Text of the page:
I see…

A Japanese Zen story about responding to whatever happens in the present moment with acceptance, or about observing troubling emotions with kindness. Like all of these stories it functions on a symbolic level, challenging us to open up to new ways of living when faced with surprises and disruptive situations:

The Zen master Hakuin was praised by his neighbours in the village as one who lived a pure life. Then a beautiful girl in the village became pregnant. Her angry parents demanded to know who was the father. At first resistant to confess, the anxious girl finally pointed to Hakuin, whom everyone revered for his pure life. When the outraged parents confronted Hakuin with their daughter’s accusation, he simply replied “Is that so”

When the child was born, the parents brought it to the Hakuin, who now was viewed as a outcast by the whole village. They demanded that he take care of the child. It was now his responsibility.  He said simply “I see” and calmly accepted the child.

For many months he took very good care of the child until the girl could no longer withstand the lie she had told. She confessed that the real father was a young man in the village whom she had tried to protect. The parents immediately went to Hakuin to see if he would return the baby. With profuse apologies they explained what had happened. “Is that so” Hakuin said as he handed them the child.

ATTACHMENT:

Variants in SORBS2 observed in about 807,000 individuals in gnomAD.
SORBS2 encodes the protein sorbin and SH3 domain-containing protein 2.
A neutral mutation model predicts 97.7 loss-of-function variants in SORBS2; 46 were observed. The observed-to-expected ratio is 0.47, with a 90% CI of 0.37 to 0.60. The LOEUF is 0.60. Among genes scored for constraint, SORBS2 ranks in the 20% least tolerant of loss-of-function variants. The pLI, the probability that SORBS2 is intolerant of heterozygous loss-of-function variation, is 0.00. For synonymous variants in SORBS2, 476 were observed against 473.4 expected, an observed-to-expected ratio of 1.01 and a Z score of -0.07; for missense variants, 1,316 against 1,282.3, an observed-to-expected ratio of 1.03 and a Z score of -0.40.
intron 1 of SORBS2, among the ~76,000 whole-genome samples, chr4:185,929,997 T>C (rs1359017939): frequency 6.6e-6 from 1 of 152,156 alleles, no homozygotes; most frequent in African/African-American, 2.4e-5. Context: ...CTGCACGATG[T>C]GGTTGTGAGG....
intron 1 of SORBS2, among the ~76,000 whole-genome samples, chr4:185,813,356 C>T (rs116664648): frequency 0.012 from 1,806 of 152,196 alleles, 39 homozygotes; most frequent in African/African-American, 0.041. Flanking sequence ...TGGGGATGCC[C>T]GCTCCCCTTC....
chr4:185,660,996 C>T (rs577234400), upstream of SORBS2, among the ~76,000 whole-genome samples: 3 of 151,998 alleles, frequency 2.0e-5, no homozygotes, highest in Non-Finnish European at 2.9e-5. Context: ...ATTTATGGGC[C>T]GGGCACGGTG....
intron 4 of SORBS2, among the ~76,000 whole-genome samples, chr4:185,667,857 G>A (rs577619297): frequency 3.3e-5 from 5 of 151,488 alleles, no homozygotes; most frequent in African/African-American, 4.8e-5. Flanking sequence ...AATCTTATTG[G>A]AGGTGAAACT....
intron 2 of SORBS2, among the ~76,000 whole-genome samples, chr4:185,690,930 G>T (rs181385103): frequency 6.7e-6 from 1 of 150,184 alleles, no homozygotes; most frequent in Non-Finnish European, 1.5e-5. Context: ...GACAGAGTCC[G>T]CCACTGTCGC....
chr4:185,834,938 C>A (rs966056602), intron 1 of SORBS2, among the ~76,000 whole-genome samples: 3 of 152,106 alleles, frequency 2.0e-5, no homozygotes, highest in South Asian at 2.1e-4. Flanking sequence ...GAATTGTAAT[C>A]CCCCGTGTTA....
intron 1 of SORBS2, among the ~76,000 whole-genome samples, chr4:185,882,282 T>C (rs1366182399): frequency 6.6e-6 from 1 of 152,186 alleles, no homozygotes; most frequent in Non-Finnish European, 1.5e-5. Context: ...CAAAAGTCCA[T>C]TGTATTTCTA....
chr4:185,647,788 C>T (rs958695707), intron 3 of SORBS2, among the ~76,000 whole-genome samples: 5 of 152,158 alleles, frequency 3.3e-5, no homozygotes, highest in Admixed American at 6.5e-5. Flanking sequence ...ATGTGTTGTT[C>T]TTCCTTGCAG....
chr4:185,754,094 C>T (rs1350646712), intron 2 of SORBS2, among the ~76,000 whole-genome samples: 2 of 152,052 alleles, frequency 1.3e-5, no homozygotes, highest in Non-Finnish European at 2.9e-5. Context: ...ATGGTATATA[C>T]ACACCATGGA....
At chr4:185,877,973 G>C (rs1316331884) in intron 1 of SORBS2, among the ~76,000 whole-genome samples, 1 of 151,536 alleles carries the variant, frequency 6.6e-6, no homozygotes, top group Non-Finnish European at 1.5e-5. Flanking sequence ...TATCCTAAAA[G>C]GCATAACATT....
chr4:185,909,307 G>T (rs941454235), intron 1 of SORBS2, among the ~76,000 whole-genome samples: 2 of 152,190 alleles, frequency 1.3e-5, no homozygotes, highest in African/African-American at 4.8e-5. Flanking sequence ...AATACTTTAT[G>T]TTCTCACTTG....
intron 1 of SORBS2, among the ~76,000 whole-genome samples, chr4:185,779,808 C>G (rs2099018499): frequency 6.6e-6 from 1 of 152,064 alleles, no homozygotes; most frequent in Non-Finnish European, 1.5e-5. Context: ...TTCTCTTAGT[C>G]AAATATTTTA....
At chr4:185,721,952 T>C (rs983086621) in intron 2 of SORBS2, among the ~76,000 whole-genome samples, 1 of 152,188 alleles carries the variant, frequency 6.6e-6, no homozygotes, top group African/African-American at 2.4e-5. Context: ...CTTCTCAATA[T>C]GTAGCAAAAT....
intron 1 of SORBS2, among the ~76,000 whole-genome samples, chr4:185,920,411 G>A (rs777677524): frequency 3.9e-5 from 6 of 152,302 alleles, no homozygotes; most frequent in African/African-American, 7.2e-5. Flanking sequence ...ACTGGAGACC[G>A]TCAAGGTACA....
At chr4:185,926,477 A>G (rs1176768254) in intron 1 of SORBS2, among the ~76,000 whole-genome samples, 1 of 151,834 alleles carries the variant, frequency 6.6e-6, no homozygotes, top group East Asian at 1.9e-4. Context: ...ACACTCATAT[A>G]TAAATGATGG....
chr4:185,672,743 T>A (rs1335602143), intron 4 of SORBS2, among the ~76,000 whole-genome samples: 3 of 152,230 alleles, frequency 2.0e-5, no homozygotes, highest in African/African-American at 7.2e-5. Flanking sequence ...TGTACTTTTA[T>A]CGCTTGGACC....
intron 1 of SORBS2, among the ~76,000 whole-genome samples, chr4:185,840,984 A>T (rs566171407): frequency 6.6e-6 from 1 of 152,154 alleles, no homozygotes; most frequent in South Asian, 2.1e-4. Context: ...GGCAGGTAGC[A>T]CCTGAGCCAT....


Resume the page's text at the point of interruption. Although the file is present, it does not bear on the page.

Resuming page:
Hakuin Ekaku1686 – 1769, was one of the most influential figures in the history of Zen. 

 The Japanese, Sōdesu ka, translated normally as “Is that so” can also be rendered as “I see”

Drop the knife

Once a young woman said to me, “Hafiz, what
is the sign of someone who knows God?”

I became very quiet, and looked deep into her
eyes, then replied,

“My dear, they have dropped the knife. Someone
who knows God has dropped the cruel knife

that most so often use upon their tender self
and others.”

Hafiz, Persia, 1315 – 1390

Being led

I think of Gloucester, blind, led through the world
To the world’s edge by the hand of a stranger
Who is his faithful son. At the cliff’s verge
He flings away his life, as of no worth,
The true way is lost, his eyes two bleeding wounds–
And finds his life again, and is led on
By the forsaken son who has become
His father, that the good may recognize
Each other, and at last go ripe to death.
We live the given life, and not the planned.

Wendell Barry,A Timbered Choir: The Sabbath Poems 1979-1997 

Self-balanced

Very wet and windy this morning, the beginning of of a storm. The news today is full of agitation and uncertainty, including Brexit, Ukraine, migration and the lack of vision of  our “leaders”. Where can we find a firm ground?

O to be self-balanced for contingencies,
to confront night, storms, hunger,
ridicule, accidents, rebuffs,
as the trees and animals do

Walt Whitman, Leaves of Grass

Our monastery

Our hermitage is the act of living with attention in the midst of things; amid the rhythms of work and love, the bath with the child, the endlessly growing paperwork, the ever-present likelihood of war, the necessity for taking action to help the world. For us, a good spiritual life is permeable and robust. It faces things squarely, knowing the smallest moments are all we have, and that even the smallest moment is full of happiness.

John Tarrant, The Light inside the Dark